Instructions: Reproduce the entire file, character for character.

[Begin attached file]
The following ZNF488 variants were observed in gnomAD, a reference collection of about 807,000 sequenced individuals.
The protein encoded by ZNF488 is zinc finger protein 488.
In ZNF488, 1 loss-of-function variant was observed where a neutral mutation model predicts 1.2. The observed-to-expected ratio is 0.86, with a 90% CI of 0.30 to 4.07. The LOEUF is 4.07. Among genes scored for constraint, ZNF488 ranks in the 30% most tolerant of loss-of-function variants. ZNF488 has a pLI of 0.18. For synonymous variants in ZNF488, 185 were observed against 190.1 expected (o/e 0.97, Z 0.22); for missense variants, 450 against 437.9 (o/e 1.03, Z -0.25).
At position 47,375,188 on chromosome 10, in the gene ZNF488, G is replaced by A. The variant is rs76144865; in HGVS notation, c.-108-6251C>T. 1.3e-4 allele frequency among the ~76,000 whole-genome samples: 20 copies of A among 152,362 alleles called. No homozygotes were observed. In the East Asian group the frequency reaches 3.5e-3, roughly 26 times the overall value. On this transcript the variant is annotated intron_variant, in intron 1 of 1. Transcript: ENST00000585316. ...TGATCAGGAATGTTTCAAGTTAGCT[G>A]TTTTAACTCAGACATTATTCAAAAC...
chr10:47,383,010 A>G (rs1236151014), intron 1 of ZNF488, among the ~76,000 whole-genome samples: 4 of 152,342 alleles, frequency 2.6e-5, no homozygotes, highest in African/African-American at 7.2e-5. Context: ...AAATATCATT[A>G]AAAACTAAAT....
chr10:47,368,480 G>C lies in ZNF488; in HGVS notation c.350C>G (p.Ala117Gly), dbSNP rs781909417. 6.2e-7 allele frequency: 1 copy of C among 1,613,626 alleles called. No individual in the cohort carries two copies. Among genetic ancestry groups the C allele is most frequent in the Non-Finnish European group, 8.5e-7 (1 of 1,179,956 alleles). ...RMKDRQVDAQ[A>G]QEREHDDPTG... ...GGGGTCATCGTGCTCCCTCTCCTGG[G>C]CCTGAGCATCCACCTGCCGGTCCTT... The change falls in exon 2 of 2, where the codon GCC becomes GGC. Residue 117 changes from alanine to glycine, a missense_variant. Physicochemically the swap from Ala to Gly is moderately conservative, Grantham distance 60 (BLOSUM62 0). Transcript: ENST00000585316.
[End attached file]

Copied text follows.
The following ZNF488 variants were observed in gnomAD, a reference collection of about 807,000 sequenced individuals.
The protein encoded by ZNF488 is zinc finger protein 488.
In ZNF488, 1 loss-of-function variant was observed where a neutral mutation model predicts 1.2. The observed-to-expected ratio is 0.86, with a 90% CI of 0.30 to 4.07. The LOEUF is 4.07. Among genes scored for constraint, ZNF488 ranks in the 30% most tolerant of loss-of-function variants. ZNF488 has a pLI of 0.18. For synonymous variants in ZNF488, 185 were observed against 190.1 expected (o/e 0.97, Z 0.22); for missense variants, 450 against 437.9 (o/e 1.03, Z -0.25).
At position 47,375,188 on chromosome 10, in the gene ZNF488, G is replaced by A. The variant is rs76144865; in HGVS notation, c.-108-6251C>T. 1.3e-4 allele frequency among the ~76,000 whole-genome samples: 20 copies of A among 152,362 alleles called. No homozygotes were observed. In the East Asian group the frequency reaches 3.5e-3, roughly 26 times the overall value. On this transcript the variant is annotated intron_variant, in intron 1 of 1. Transcript: ENST00000585316. ...TGATCAGGAATGTTTCAAGTTAGCT[G>A]TTTTAACTCAGACATTATTCAAAAC...
chr10:47,383,010 A>G (rs1236151014), intron 1 of ZNF488, among the ~76,000 whole-genome samples: 4 of 152,342 alleles, frequency 2.6e-5, no homozygotes, highest in African/African-American at 7.2e-5. Context: ...AAATATCATT[A>G]AAAACTAAAT....
chr10:47,368,480 G>C lies in ZNF488; in HGVS notation c.350C>G (p.Ala117Gly), dbSNP rs781909417. 6.2e-7 allele frequency: 1 copy of C among 1,613,626 alleles called. No individual in the cohort carries two copies. Among genetic ancestry groups the C allele is most frequent in the Non-Finnish European group, 8.5e-7 (1 of 1,179,956 alleles). ...RMKDRQVDAQ[A>G]QEREHDDPTG... ...GGGGTCATCGTGCTCCCTCTCCTGG[G>C]CCTGAGCATCCACCTGCCGGTCCTT... The change falls in exon 2 of 2, where the codon GCC becomes GGC. Residue 117 changes from alanine to glycine, a missense_variant. Physicochemically the swap from Ala to Gly is moderately conservative, Grantham distance 60 (BLOSUM62 0). Transcript: ENST00000585316.